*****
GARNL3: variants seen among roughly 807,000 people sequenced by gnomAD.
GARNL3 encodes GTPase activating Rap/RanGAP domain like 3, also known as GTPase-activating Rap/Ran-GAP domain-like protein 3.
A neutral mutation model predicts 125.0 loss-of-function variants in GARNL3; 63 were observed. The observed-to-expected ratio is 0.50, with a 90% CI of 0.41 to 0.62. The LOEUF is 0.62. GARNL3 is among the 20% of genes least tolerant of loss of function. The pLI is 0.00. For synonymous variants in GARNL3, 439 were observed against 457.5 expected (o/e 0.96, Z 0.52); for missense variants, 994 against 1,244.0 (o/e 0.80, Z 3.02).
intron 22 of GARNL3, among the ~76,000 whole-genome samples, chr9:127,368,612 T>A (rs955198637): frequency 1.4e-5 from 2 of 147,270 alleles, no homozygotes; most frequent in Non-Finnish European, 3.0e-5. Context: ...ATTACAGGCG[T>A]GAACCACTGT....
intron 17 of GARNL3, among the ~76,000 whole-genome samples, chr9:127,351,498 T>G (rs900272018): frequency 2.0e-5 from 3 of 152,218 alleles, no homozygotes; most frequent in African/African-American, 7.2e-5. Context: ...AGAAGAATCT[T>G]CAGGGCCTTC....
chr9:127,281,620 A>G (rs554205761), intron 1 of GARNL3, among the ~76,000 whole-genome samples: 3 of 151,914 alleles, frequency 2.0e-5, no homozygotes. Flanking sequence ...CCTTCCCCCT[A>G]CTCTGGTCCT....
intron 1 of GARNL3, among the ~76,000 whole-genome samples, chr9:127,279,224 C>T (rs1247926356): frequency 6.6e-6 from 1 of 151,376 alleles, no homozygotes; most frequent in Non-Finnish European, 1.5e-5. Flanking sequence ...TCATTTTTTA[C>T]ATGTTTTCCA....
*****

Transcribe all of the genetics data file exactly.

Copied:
GARNL3: variants seen among roughly 807,000 people sequenced by gnomAD.
GARNL3 encodes GTPase activating Rap/RanGAP domain like 3, also known as GTPase-activating Rap/Ran-GAP domain-like protein 3.
A neutral mutation model predicts 125.0 loss-of-function variants in GARNL3; 63 were observed. The observed-to-expected ratio is 0.50, with a 90% CI of 0.41 to 0.62. The LOEUF is 0.62. GARNL3 is among the 20% of genes least tolerant of loss of function. The pLI is 0.00. For synonymous variants in GARNL3, 439 were observed against 457.5 expected (o/e 0.96, Z 0.52); for missense variants, 994 against 1,244.0 (o/e 0.80, Z 3.02).
intron 22 of GARNL3, among the ~76,000 whole-genome samples, chr9:127,368,612 T>A (rs955198637): frequency 1.4e-5 from 2 of 147,270 alleles, no homozygotes; most frequent in Non-Finnish European, 3.0e-5. Context: ...ATTACAGGCG[T>A]GAACCACTGT....
intron 17 of GARNL3, among the ~76,000 whole-genome samples, chr9:127,351,498 T>G (rs900272018): frequency 2.0e-5 from 3 of 152,218 alleles, no homozygotes; most frequent in African/African-American, 7.2e-5. Context: ...AGAAGAATCT[T>G]CAGGGCCTTC....
chr9:127,281,620 A>G (rs554205761), intron 1 of GARNL3, among the ~76,000 whole-genome samples: 3 of 151,914 alleles, frequency 2.0e-5, no homozygotes. Flanking sequence ...CCTTCCCCCT[A>G]CTCTGGTCCT....
intron 1 of GARNL3, among the ~76,000 whole-genome samples, chr9:127,279,224 C>T (rs1247926356): frequency 6.6e-6 from 1 of 151,376 alleles, no homozygotes; most frequent in Non-Finnish European, 1.5e-5. Flanking sequence ...TCATTTTTTA[C>T]ATGTTTTCCA....